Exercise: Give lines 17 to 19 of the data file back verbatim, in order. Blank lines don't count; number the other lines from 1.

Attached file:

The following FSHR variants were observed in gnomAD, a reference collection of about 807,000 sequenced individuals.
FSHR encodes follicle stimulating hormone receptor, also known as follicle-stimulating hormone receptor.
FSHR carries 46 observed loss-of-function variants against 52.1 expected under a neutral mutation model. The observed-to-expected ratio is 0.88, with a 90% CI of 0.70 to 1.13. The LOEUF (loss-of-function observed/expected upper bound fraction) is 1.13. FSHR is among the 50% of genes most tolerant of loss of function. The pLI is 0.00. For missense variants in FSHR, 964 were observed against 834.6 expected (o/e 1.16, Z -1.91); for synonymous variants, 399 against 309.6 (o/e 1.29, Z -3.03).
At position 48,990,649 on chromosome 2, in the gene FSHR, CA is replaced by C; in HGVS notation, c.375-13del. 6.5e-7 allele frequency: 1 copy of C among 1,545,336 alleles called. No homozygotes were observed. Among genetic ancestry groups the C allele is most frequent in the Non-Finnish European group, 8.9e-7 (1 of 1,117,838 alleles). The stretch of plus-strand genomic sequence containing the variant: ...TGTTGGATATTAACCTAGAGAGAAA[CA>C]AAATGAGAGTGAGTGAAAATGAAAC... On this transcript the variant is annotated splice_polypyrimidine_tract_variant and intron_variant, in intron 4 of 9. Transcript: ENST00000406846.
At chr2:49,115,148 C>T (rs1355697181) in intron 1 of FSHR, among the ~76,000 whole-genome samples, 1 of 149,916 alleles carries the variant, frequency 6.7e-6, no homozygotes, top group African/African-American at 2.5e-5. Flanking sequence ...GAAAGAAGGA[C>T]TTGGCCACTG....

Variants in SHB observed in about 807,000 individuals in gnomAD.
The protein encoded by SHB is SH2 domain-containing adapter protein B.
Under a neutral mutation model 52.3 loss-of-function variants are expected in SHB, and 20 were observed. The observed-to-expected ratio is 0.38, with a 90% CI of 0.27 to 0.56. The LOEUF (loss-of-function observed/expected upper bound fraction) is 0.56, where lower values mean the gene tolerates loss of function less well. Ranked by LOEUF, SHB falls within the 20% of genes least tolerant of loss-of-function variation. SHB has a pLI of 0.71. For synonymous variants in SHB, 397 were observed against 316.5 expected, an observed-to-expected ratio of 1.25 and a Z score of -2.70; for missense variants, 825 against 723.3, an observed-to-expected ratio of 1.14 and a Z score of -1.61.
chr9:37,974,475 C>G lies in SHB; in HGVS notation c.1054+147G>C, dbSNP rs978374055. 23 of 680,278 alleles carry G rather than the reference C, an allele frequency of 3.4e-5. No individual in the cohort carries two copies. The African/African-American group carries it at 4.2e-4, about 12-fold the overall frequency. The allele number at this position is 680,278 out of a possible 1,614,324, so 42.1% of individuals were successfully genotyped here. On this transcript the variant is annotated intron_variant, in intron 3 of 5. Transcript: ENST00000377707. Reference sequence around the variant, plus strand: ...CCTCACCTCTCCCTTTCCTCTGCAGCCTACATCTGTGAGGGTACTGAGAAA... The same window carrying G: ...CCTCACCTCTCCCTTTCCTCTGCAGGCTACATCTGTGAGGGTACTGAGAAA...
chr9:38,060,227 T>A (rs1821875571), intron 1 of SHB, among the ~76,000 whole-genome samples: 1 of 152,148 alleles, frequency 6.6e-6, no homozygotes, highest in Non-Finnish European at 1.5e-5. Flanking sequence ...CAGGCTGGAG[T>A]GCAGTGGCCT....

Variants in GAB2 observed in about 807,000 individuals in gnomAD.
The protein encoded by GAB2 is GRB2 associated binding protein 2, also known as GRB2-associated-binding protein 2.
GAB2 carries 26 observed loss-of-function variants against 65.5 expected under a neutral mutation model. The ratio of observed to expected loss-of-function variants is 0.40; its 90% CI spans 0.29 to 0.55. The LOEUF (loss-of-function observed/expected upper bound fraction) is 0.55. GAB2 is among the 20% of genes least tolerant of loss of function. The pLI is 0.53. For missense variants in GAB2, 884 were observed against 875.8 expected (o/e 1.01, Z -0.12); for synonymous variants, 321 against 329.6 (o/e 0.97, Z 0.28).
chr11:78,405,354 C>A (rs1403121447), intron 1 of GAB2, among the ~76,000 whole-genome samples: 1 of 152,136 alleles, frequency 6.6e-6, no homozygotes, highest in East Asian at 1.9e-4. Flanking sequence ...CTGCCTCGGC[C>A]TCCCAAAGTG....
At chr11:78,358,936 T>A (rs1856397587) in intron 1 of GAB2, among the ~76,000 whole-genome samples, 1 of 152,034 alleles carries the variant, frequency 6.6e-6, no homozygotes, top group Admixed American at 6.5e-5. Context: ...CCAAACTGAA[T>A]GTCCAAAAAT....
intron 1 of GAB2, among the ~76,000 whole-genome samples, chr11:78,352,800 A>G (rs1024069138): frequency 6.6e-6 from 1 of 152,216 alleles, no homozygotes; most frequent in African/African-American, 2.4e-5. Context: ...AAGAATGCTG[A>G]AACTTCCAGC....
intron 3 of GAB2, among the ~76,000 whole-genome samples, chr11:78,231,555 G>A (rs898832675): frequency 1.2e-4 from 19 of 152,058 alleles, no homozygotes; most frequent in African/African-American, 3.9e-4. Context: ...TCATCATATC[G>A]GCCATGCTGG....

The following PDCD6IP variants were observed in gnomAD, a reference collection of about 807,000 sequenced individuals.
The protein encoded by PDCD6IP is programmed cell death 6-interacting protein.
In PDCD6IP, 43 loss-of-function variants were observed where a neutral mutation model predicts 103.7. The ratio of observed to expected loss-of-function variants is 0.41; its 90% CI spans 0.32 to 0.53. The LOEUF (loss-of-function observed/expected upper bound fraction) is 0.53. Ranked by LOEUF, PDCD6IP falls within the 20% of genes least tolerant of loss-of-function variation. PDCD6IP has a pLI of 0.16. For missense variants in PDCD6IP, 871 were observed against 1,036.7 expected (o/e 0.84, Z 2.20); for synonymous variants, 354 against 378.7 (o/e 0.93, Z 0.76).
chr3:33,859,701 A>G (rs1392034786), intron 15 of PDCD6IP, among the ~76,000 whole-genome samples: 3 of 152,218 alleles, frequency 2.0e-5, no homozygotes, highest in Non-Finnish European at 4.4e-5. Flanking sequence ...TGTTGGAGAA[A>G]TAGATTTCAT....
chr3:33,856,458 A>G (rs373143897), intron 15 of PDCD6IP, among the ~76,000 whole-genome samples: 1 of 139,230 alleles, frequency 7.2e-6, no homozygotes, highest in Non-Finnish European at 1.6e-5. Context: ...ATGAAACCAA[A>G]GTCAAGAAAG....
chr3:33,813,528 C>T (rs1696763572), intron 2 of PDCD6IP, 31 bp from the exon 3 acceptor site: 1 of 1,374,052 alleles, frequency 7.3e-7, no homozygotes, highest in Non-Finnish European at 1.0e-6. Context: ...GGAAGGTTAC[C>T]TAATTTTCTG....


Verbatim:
intron 3 of GAB2, among the ~76,000 whole-genome samples, chr11:78,231,555 G>A (rs898832675): frequency 1.2e-4 from 19 of 152,058 alleles, no homozygotes; most frequent in African/African-American, 3.9e-4. Context: ...TCATCATATC[G>A]GCCATGCTGG....

The following PDCD6IP variants were observed in gnomAD, a reference collection of about 807,000 sequenced individuals.
The protein encoded by PDCD6IP is programmed cell death 6-interacting protein.